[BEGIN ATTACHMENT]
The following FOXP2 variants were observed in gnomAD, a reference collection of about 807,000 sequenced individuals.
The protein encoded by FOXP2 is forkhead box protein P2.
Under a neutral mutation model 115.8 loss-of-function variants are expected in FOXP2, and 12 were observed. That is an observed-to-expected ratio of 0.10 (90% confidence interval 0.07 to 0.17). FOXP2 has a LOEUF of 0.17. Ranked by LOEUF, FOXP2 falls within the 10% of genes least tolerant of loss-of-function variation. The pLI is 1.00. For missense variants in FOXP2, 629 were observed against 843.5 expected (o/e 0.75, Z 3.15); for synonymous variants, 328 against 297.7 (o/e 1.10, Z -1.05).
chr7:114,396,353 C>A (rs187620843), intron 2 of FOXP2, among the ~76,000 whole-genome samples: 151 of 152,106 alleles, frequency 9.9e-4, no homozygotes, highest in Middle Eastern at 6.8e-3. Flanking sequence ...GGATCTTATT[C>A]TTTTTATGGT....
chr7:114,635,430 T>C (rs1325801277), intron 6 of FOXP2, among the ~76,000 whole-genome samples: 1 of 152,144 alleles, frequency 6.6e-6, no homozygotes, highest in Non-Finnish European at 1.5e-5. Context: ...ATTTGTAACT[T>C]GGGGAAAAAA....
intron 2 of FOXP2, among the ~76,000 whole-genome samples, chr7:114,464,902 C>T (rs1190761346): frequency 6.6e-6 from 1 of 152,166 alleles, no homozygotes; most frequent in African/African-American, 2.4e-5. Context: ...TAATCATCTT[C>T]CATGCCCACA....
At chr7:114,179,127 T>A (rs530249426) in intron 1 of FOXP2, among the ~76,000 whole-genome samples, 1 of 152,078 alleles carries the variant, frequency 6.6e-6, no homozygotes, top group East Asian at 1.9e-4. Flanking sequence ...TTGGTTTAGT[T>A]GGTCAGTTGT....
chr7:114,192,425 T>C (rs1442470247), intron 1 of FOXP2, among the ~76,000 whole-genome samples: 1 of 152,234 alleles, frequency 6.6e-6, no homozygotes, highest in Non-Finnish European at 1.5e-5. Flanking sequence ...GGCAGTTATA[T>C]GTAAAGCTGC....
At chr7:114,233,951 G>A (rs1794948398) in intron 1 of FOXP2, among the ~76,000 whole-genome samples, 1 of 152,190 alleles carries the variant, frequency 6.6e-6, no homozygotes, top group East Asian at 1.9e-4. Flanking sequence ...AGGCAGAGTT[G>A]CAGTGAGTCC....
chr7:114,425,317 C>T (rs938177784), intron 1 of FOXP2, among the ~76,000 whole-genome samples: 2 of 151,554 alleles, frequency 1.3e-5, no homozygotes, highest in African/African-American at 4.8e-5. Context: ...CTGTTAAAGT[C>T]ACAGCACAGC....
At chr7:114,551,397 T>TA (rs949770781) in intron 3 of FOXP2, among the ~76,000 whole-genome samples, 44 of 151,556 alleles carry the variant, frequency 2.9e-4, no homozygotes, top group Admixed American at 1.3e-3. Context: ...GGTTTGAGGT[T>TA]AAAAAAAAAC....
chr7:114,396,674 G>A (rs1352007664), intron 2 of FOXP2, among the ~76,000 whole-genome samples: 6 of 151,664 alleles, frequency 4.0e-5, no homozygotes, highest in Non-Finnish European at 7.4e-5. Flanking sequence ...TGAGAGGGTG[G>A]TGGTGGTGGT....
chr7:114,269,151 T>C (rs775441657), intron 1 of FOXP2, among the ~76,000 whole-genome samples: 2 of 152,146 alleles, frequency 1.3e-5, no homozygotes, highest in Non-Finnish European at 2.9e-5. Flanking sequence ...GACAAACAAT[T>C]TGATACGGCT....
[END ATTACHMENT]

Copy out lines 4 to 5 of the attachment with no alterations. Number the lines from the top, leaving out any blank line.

chr7:114,396,353 C>A (rs187620843), intron 2 of FOXP2, among the ~76,000 whole-genome samples: 151 of 152,106 alleles, frequency 9.9e-4, no homozygotes, highest in Middle Eastern at 6.8e-3. Flanking sequence ...GGATCTTATT[C>A]TTTTTATGGT....
chr7:114,635,430 T>C (rs1325801277), intron 6 of FOXP2, among the ~76,000 whole-genome samples: 1 of 152,144 alleles, frequency 6.6e-6, no homozygotes, highest in Non-Finnish European at 1.5e-5. Context: ...ATTTGTAACT[T>C]GGGGAAAAAA....